Lake Oroville Community Update - July 9
July 9, 2021
Water Quality Working Group
In November and December 2020, a multi-agency task force comprised of the State and Central Valley Regional Water Quality Control Boards, Butte County Department of Public Works, California Department of Water Resources (DWR), California Department of Fish and Wildlife, and Governor’s Office of Emergency Services came together as the ‘Watershed Working Group’ to address water quality concerns in the North Complex burn area and downstream.
Widespread testing of surface waters throughout the burn scar in Butte and Plumas counties has been completed. Sampling results over the last few months have revealed that while contaminant levels were elevated in some instances, they were lower than anticipated and did not adversely impact drinking water treatment facilities or the quality of drinking water they deliver to their communities.
The working group’s agencies will now transition to routine water quality monitoring, which includes monitoring for issues such as Harmful Algal Blooms. Building on the success of the collaboration, this working group will continue to meet quarterly to discuss watershed health and be ready for the upcoming fire season. Read the news release for more information.
Saddle Dam Maintenance
Lake Oroville State Recreation Area’s Saddle Dam trailhead facility will experience temporary closures from July 13 to July 16. Maintenance work and installation of erosion control measures will require closure of the main and/or auxiliary parking lots as well as the trail across the top of the dam. Trail users are advised to use alternate trailheads at Loafer Creek Recreation Area, Oroville Dam’s Upper Overlook, or the new parking area near the Hyatt Powerplant on Oro Dam Boulevard East.
The Bidwell Canyon Boat Ramp remains open; however, this ramp is expected to be closed toward the end of the week of July 12, dependent on lake levels. Additionally, the gravel, single-lane boat ramp at the Spillway is open daily from 5 a.m. to 11 p.m. – gates to (and from) the Spillway Boat Ramp area close at 11 p.m.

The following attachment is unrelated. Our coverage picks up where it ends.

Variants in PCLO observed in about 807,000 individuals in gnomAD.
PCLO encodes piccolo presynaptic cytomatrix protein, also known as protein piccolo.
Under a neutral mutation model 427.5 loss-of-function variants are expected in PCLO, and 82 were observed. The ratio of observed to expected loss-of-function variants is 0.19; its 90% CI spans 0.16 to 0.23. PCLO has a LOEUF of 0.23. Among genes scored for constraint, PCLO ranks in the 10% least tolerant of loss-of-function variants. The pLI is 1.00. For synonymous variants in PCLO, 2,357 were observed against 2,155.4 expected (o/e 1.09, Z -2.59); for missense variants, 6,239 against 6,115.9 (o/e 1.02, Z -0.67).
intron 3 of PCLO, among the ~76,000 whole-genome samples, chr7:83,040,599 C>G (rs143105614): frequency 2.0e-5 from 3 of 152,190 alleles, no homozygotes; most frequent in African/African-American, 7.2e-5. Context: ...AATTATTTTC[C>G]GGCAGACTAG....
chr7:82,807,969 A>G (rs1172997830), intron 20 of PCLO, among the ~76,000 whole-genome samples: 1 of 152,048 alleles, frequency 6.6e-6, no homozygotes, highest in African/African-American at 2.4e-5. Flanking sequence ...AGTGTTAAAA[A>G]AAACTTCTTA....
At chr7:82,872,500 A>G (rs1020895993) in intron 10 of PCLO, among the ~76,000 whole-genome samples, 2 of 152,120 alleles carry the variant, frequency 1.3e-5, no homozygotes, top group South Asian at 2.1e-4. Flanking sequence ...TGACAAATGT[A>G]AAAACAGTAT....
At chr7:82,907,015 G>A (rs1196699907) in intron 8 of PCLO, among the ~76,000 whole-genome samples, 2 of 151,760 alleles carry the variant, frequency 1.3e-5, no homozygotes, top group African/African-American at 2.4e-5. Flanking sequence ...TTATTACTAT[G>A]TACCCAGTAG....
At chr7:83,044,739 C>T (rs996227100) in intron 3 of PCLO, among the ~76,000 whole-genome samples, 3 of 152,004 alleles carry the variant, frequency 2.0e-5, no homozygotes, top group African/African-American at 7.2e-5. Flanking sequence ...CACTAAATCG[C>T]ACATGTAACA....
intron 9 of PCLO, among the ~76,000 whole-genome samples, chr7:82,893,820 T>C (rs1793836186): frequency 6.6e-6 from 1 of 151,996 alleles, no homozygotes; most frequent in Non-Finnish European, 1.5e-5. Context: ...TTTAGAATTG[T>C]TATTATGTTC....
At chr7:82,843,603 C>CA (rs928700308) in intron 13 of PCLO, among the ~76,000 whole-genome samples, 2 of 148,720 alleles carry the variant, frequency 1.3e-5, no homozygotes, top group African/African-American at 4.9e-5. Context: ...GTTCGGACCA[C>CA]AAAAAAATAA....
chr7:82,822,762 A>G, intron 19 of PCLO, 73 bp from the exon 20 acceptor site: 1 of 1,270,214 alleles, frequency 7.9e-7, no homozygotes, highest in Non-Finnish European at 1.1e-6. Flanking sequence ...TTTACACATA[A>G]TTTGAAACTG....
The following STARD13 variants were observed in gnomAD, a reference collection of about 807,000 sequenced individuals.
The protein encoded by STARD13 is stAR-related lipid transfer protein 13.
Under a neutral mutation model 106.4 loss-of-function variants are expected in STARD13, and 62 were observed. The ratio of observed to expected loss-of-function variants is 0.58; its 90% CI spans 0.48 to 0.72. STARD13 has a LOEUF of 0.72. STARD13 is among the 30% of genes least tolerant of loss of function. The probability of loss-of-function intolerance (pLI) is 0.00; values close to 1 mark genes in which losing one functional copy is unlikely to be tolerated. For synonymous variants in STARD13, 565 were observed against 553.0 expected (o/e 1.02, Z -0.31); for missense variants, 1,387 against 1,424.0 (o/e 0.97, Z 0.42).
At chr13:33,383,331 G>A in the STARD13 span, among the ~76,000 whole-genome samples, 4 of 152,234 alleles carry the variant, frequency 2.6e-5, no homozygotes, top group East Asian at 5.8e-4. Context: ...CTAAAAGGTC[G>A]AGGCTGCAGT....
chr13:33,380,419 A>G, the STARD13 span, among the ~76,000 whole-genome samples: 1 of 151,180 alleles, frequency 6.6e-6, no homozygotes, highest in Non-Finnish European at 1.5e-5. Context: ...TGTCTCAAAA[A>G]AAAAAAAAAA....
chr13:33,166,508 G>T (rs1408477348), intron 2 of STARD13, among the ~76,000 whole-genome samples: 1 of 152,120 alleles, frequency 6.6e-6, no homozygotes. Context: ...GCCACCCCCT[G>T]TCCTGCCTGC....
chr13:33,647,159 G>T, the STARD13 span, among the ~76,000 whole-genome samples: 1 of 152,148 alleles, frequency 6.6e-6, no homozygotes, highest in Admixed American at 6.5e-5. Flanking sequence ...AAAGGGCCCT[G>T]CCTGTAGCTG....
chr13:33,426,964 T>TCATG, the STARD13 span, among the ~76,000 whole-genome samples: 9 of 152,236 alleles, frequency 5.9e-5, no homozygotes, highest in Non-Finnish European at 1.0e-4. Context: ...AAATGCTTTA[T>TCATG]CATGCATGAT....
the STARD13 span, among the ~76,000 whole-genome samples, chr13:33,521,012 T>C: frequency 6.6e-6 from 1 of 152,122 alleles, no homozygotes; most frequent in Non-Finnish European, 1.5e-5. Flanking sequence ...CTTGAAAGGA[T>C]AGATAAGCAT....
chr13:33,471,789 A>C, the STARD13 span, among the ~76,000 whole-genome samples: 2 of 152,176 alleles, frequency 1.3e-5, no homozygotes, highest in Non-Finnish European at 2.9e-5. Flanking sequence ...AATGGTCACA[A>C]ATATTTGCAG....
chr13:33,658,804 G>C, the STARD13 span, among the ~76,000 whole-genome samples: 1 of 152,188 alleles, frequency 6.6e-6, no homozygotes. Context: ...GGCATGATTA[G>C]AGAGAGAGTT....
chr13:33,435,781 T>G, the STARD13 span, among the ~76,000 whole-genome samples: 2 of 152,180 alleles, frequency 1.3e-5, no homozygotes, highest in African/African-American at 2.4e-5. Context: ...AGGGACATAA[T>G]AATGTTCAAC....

We ask that all people using the gravel ramp engage their vehicle in 4-wheel drive, so they do not spin their tires and damage the ramp.
Boat ramp information can be obtained by calling the California Department of Parks and Recreation (CA Parks) at (530) 538-2200 or visiting the Lake Oroville State Recreation Area (LOSRA) website at www.parks.ca.gov/LakeOroville. Both the Lime Saddle and Bidwell Canyon marinas will remain open 8 a.m. until sundown.
Visitors to the Thermalito North Forebay will find a full CA Parks facility with restrooms, picnic areas, a swim beach, and the Forebay Aquatic Center with kayaks, paddle boards, and other watercraft available for rent. The Monument Hill facility at the Thermalito Afterbay and the Thermalito South Forebay facility offer boat ramp access, restrooms, picnic areas, and a swim beach at Monument Hill. Power boats are allowed on the Thermalito South Forebay as well as the Thermalito Afterbay. A 5-miles per hour speed limit for all boats is enforced on the Afterbay north of the Highway 162 bridge and near the brood ponds on the east side of the reservoir.